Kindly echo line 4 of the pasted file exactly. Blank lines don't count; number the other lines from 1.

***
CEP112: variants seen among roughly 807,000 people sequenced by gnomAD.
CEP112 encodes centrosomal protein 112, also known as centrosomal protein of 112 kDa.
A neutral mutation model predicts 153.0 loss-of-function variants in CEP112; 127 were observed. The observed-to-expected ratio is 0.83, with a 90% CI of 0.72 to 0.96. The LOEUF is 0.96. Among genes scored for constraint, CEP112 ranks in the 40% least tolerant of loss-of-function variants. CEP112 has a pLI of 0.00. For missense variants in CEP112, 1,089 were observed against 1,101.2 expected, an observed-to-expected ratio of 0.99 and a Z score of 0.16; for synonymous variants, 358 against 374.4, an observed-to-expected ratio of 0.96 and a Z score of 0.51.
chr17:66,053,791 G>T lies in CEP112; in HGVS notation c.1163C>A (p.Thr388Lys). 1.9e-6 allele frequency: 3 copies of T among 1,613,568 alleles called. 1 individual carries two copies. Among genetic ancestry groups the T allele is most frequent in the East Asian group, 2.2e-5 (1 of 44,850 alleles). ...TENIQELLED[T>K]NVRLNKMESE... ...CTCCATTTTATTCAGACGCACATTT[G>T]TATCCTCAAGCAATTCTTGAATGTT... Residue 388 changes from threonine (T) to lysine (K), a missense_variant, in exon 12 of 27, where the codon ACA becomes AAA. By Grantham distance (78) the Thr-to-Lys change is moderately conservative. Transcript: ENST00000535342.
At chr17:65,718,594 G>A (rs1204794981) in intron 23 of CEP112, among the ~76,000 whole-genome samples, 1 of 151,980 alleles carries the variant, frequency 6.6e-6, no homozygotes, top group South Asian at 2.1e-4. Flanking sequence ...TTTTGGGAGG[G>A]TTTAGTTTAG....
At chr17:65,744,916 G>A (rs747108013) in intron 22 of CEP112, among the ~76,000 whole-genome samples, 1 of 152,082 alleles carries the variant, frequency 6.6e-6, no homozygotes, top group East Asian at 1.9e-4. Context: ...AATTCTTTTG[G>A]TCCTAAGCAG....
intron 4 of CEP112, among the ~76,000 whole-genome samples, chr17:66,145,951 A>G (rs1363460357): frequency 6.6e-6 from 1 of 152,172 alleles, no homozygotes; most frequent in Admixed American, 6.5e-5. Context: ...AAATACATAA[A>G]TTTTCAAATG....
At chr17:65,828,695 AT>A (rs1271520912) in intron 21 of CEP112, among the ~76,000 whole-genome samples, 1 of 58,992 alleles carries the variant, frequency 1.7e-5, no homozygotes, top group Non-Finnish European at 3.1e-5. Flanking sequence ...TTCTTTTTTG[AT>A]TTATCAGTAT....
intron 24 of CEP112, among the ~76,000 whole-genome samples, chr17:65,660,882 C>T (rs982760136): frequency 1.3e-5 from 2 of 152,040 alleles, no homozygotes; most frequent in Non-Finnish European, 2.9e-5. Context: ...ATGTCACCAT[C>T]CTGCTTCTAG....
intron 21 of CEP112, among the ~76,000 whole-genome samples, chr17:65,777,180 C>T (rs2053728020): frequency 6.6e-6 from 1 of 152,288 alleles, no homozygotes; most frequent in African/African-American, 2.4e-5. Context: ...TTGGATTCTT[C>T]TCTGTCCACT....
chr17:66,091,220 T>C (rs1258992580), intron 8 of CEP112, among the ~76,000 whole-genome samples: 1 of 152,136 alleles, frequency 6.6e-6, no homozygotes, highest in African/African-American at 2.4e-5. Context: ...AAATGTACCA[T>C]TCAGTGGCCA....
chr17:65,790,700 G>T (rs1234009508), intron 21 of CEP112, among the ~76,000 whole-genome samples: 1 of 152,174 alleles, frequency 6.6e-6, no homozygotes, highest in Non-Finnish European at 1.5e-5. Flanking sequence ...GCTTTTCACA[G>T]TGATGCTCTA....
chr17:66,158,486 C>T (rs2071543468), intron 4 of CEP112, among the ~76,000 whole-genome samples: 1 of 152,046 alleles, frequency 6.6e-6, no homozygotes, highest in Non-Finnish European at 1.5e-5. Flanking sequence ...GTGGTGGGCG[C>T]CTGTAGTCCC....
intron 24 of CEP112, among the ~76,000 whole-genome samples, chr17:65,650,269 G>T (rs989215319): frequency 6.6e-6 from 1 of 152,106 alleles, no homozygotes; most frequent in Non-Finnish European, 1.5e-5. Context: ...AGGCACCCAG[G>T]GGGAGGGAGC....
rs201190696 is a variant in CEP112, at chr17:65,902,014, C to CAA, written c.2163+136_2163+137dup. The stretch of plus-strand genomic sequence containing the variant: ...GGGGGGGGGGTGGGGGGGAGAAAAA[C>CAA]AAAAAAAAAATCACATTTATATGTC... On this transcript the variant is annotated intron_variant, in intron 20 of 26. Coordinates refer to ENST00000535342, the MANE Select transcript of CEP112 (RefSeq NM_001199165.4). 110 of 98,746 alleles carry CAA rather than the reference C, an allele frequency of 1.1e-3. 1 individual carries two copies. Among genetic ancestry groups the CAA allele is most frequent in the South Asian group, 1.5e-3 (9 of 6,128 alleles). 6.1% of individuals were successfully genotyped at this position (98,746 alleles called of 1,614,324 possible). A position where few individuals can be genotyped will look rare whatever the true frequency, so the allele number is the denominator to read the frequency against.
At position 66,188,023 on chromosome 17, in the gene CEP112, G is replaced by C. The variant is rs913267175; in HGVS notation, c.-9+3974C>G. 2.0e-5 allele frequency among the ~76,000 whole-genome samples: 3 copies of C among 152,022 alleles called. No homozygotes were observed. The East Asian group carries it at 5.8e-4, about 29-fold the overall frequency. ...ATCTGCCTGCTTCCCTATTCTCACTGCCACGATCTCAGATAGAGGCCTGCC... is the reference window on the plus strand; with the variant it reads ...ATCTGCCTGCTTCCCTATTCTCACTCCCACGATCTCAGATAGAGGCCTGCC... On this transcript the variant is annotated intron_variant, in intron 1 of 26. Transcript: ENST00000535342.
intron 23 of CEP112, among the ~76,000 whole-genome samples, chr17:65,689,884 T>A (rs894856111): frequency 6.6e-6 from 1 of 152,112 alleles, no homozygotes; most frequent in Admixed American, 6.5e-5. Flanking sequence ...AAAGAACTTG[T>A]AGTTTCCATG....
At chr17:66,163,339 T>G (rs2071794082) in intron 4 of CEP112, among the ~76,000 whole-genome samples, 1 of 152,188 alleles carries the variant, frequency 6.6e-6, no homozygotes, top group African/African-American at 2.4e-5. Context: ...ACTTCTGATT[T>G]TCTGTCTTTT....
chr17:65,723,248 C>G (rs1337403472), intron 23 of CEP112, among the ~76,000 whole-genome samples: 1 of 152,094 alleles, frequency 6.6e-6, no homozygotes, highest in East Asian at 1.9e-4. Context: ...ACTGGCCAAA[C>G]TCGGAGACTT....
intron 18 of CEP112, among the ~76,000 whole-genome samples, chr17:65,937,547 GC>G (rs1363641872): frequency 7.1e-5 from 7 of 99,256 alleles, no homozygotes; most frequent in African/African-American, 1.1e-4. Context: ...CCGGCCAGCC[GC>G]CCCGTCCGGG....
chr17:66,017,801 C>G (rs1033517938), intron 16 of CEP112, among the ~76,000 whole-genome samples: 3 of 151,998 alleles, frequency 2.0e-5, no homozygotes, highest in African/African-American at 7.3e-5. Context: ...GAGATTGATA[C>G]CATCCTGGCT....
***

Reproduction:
chr17:66,053,791 G>T lies in CEP112; in HGVS notation c.1163C>A (p.Thr388Lys). 1.9e-6 allele frequency: 3 copies of T among 1,613,568 alleles called. 1 individual carries two copies. Among genetic ancestry groups the T allele is most frequent in the East Asian group, 2.2e-5 (1 of 44,850 alleles). ...TENIQELLED[T>K]NVRLNKMESE... ...CTCCATTTTATTCAGACGCACATTT[G>T]TATCCTCAAGCAATTCTTGAATGTT... Residue 388 changes from threonine (T) to lysine (K), a missense_variant, in exon 12 of 27, where the codon ACA becomes AAA. By Grantham distance (78) the Thr-to-Lys change is moderately conservative. Transcript: ENST00000535342.